# Finding resonant frequency and cut-off frequency from Bode plot to calculate values for RLC circuit

I am trying to find RLC values from a Bode plot. I have a band-pass filter from a transfer function and have put arbitrary values for the RLC components in Matlab.

I am unsure how to mathematically prove the values of the components from using the Bode plot. I know I have to find the resonant frequency and cut-off values, but I am completely lost on how to extract data to input into a formula.

I'm also using an 800 Ω resistor as the voltage divider. Any help would be appreciated.  • Do you know how to develop the standard form of the bandpass transfer function? If so, you should have the DC gain from it and this directly relates to the attenuation of the center of your bandpass region. So you can compute the series resistance directly from that. Do you understand this much?
– jonk
Nov 3, 2022 at 5:56
• Thanks, that helps to clarify Bode plot data, I'm aware how to find the bandwidth, quality factor and w1 and w2 for a band pass, yet those values are dependant on the L and C values which are still lost on me, i'm sure i'm missing something simple... Nov 4, 2022 at 6:48
• Also the set values in Matlab are 0.1 Henry and 0.01 Farads, and the values you've hinted at are 0.016 Henry and 0.0015 Farad, is this value discrepancy due to frequency/impedance of the circuit behaviour? Nov 4, 2022 at 7:58
– jonk
Nov 4, 2022 at 8:02
• If you adjust my values for the inductor and capacitor by multiplying it by $2\pi$ then we are in the right place. Does that make sense?
– jonk
Nov 4, 2022 at 8:09

## Preface simulate this circuit – Schematic created using CircuitLab

The analysis is pretty easy using SymPy:

var('R1 C1 L1 R Vin Vout s')
ZL1 = s*L1
ZC1 = 1/s/C1
KCL = Eq( Vout/R + Vout/(R1+ZL1+ZC1), Vin/(R1+ZL1+ZC1) )
tf2( simplify( solve( KCL, Vout ) / Vin ) )

{omega: 1/(sqrt(C1)*sqrt(L1)),
zeta: sqrt(C1)*(R/2 + R1/2)/sqrt(L1),
P: [{A: R/(R + R1), N: 1}]}


The N shown there confirms this is a bandpass. (If it were 0 then it would be a lowpass and if it were 2 then it would be a highpass.) The A is the gain.

## Standard Form of 2nd Order Bandpass

Your circuit illustrates the following standard transfer function form for a 2nd order bandpass filter:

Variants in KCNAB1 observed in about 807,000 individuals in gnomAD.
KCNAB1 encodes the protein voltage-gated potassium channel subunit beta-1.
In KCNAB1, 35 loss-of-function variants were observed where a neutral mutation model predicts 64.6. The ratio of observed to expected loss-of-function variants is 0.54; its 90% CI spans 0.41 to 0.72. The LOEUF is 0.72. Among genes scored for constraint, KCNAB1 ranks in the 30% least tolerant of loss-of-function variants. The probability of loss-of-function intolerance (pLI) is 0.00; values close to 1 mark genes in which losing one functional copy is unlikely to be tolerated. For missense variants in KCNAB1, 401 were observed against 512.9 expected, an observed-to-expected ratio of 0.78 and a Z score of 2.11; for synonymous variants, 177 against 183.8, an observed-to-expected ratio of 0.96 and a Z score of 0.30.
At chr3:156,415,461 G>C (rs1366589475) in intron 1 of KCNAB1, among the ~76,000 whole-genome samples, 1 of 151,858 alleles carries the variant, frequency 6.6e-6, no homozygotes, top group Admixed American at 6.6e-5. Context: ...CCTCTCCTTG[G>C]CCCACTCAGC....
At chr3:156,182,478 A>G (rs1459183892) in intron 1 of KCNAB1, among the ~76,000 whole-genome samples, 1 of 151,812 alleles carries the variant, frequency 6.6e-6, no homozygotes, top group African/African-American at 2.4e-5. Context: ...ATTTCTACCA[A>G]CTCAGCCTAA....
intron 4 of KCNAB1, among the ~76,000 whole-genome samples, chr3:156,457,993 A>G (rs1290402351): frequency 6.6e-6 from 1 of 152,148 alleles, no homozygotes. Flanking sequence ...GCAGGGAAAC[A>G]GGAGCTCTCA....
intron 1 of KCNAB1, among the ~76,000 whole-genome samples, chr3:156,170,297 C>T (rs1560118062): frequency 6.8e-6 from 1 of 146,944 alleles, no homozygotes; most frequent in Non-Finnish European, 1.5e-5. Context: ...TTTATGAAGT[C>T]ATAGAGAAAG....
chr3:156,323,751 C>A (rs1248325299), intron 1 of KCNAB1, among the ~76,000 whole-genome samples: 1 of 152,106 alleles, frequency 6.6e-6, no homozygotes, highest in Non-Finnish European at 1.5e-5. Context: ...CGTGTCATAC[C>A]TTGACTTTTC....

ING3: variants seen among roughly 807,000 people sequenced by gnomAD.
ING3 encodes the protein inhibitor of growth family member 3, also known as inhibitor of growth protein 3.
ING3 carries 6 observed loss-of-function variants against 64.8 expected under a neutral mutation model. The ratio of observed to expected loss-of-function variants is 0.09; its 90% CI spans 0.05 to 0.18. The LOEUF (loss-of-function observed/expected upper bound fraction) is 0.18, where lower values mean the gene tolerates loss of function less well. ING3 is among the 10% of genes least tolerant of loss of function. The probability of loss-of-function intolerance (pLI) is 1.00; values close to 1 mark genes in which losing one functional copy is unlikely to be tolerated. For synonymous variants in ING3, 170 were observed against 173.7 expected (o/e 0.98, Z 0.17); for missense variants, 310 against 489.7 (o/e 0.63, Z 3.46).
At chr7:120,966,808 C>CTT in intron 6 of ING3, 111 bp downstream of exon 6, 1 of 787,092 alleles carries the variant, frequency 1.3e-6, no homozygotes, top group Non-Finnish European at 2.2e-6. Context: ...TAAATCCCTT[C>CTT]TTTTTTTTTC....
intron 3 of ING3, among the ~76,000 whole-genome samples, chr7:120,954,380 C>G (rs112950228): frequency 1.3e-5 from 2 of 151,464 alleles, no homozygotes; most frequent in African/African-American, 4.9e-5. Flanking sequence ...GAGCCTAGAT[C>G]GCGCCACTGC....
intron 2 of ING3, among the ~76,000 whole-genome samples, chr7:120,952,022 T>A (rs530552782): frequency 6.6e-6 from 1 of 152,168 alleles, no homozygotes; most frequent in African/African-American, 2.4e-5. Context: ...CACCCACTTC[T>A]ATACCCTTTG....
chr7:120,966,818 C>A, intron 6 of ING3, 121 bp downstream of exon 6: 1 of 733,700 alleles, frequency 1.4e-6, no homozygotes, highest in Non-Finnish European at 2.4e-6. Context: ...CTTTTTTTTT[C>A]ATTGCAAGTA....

$$H_s = A\cdot\frac{2\zeta\left(\frac{s}{\omega_{_0}}\right)}{\left(\frac{s}{\omega_{_0}}\right)^2 + 2\zeta\left(\frac{s}{\omega_{_0}}\right) + 1}$$

And where $$\\sigma=0\$$, then:

$$H_{j\omega} = A\cdot\frac{j\,2\zeta\left(\frac{\omega}{\omega_{_0}}\right)}{1-\left(\frac{\omega}{\omega_{_0}}\right)^2 + j\,2\zeta\left(\frac{\omega}{\omega_{_0}}\right)}$$

\begin{align*} \omega_{_0}&=\frac1{\sqrt{L_1\,\cdot\, C_1}} \\\\ \zeta&=\frac12\left(R+R_1\right)\sqrt{\frac{C_1}{L_1}} \\\\ A&=\frac1{1+\frac{R_1}{R}} \end{align*}

You already know that $$\R=800\:\Omega\$$ and your series RLC is specified using $$\R_1\$$, $$\L_1\$$, and $$\C_1\$$.

## Extracting Info from the Chart I can pick off two convenient symmetrical roll-off ends of the flat-top part as $$\\omega_{_\text{L}}\approx 0.1\:\frac{\text{rad}}{\text{s}}\$$ and $$\\omega_{_\text{H}}\approx 10\:\text{k}\frac{\text{rad}}{\text{s}}\$$.

The geometric center is $$\\omega_{_0}=\sqrt{0.1\:\frac{\text{rad}}{\text{s}}\,\cdot\,10\:\text{k}\frac{\text{rad}}{\text{s}}}\approx 31.623\:\frac{\text{rad}}{\text{s}}\$$.

I also see (approximate) that the top of the bandpass is at about $$\-0.95\:\text{dB}=20\cdot\log_{10}\left(\frac1{1+\frac{R_1}{R}}\right)\$$ and given that $$\R=800\:\Omega\$$ this means that $$\R_1=R\cdot\left(10^{\frac{-0.95\:\text{dB}}{20}}-1\right)\approx 92.5\:\Omega\$$.

(You may need to get a better bead on the top there. But that's my estimate from your graph.)

You can, if you want, read through some of this answer to find the following:

$$\zeta=\frac12\frac{\omega_{_\text{L}}+\omega_{_\text{H}}}{\sqrt{\omega_{_\text{L}}\cdot \omega_{_\text{H}}}}=\frac12\frac{\omega_{_\text{L}}+\omega_{_\text{H}}}{\omega_{_0}}=\frac12\frac{f_{_\text{L}}+f_{_\text{H}}}{f_{_0}}$$

\begin{align*}\left(R+R_1\right)\sqrt{\frac{C_1}{L_1}}&=\frac{\omega_{_\text{L}}+\omega_{_\text{H}}}{\omega_{_0}} \\\\ &=\left(\omega_{_\text{L}}+\omega_{_\text{H}}\right)\sqrt{L_1\,\cdot\, C_1} \end{align*}

For $$\\omega_{_\text{H}}\gg \omega_{_\text{L}}\$$, which is definitely your case with more than 3 orders of magnitude separation, then:

\begin{align*}\omega_{_\text{H}}\sqrt{L_1\,\cdot\, C_1}&=\left(R+R_1\right)\sqrt{\frac{C_1}{L_1}}\end{align*}

But that reduces to:

\begin{align*}\omega_{_\text{H}}&\approx \frac{R+R_1}{L_1} \end{align*}

From the earlier estimate of $$\\omega_{_\text{H}}=10\:\text{k}\frac{\text{rad}}{\text{s}}\$$, then $$\L_1\approx \frac{R+R_1}{\omega_{_\text{H}}}\approx \frac{800\:\Omega+92.5\:\Omega}{10\:\text{k}\frac{\text{rad}}{\text{s}}}\approx 89.25\:\text{mH}\$$.

You should be easily able to use that to get $$\C_1\$$. Here, you know that $$\\omega_{_0}^2=1000\:\frac{\text{rad}^2}{\text{s}^2}=\frac1{L_1 C_1}\$$.

So $$\C_1=\frac1{1000\:\frac{\text{rad}^2}{\text{s}^2}\,\cdot\,89.25\:\text{mH}}=11.2\:\text{mF}\$$.

## Summary

These appear to be creditably close to your comment that specifies $$\L_1=100\:\text{mH}\$$ and $$\C_1=10\:\text{mF}\$$. If you can pick off a better number for the gain than I did ($$\-0.95\:\text{dB}\$$) then that might change $$\R_1\$$ a little bit and thereby adjust the other values.